Many investors tend to buy shares outright or trade the FTSE 100 in the long term, which is a strategy known as position trading. This is because the index is known for being slightly more stable, in comparison with other more volatile assets, and these types of stocks can generally provide profitable returns over a longer period of time. However, some traders prefer to stick with short-term strategies, such as day trading. A day trading strategy involves traders dipping in and out of the market to take advantage of very small but frequent price fluctuations, and closing out their positions at the end of each day to make a profit.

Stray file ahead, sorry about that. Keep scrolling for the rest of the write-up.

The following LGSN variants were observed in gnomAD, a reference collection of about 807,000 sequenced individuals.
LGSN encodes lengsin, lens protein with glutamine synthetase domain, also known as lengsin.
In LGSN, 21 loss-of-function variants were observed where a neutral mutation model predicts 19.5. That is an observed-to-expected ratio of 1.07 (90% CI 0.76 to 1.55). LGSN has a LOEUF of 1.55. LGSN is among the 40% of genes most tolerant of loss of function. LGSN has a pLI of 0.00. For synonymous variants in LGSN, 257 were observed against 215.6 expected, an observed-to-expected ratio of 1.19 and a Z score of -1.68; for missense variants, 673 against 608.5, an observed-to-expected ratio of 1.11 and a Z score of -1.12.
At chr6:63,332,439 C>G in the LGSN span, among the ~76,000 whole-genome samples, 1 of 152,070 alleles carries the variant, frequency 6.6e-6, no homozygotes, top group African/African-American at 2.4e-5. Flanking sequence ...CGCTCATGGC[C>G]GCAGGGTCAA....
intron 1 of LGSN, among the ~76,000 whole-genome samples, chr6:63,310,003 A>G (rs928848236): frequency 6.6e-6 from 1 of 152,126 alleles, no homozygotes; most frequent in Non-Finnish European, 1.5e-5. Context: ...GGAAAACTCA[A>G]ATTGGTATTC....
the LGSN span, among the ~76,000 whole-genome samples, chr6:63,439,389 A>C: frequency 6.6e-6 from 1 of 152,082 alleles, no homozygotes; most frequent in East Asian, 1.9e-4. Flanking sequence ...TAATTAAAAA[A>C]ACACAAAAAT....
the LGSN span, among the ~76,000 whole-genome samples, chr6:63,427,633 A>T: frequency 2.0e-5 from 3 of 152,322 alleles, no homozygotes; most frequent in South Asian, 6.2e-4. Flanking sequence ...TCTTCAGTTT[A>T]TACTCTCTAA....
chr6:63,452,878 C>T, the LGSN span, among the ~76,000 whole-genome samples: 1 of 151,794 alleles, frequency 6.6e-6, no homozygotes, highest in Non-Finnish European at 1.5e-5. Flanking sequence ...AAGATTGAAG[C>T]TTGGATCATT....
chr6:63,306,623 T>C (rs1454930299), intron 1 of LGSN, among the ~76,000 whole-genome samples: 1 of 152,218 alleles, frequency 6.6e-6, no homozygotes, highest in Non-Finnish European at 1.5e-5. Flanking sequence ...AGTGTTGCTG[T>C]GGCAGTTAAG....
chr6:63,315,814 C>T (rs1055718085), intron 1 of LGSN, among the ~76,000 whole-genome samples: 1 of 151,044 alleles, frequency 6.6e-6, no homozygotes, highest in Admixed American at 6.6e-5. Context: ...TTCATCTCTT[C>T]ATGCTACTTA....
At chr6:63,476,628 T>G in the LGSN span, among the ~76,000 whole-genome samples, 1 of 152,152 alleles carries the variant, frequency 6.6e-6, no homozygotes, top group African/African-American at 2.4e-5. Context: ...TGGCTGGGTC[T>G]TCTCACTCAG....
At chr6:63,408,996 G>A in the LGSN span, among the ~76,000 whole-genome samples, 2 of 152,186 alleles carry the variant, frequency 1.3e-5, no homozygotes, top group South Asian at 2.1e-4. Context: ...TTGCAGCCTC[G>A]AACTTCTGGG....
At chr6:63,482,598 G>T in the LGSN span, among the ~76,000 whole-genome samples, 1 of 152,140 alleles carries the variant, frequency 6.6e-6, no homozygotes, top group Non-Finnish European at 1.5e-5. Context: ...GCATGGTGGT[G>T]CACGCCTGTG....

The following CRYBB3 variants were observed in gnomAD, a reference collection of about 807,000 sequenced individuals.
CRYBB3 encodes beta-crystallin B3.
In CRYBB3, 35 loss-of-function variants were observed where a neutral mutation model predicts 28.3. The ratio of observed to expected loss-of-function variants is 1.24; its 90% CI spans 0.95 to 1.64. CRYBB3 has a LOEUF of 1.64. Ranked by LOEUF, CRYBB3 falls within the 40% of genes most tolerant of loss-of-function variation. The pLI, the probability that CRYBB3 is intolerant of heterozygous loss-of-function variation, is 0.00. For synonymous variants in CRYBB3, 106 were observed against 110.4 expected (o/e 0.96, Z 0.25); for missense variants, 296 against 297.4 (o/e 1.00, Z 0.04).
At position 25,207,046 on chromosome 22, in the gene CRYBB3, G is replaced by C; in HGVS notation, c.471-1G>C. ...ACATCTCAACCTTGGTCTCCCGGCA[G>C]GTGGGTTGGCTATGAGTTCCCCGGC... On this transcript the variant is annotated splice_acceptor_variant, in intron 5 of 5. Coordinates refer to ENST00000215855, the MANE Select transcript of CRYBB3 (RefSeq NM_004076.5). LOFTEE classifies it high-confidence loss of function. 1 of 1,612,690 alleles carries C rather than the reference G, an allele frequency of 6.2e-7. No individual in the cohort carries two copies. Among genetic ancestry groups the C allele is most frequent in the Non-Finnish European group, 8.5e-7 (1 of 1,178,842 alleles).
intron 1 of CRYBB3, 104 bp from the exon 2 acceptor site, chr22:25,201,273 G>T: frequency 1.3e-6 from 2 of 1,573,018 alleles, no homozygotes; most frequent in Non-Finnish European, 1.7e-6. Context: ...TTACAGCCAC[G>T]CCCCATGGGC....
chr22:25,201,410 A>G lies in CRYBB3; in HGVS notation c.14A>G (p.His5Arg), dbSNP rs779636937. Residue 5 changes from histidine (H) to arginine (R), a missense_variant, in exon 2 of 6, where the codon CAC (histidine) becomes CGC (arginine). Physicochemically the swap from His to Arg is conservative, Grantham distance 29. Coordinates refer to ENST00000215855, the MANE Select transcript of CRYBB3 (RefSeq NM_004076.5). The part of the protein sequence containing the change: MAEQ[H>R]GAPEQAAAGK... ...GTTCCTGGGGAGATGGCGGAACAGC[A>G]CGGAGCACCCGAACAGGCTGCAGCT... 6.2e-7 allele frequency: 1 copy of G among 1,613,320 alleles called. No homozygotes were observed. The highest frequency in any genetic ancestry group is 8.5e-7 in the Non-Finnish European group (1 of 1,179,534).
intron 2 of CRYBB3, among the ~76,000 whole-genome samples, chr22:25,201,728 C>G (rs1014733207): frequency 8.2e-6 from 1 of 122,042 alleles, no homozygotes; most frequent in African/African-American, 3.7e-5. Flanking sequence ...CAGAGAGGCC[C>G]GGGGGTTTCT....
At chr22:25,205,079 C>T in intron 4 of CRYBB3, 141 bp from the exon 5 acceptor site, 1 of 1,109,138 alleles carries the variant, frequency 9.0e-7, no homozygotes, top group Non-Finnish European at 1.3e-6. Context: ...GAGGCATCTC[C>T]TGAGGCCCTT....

As the FTSE consists of a large number of stocks, there may be less internal volatility. For example, if the performance of one stock declines, there are still 99 other stocks to help to offset risk. Therefore, traders can read and interpret price action on a price chart, and day trading can be a rewarding strategy for experienced traders who are familiar with the FTSE 100. However, the FTSE can still fluctuate rapidly in price due to external events, such as the political and economic instability of the country. In turn, this could have an effect on the entire index’s value, regardless of how many assets there are to offset the decline of a large constituent’s performance.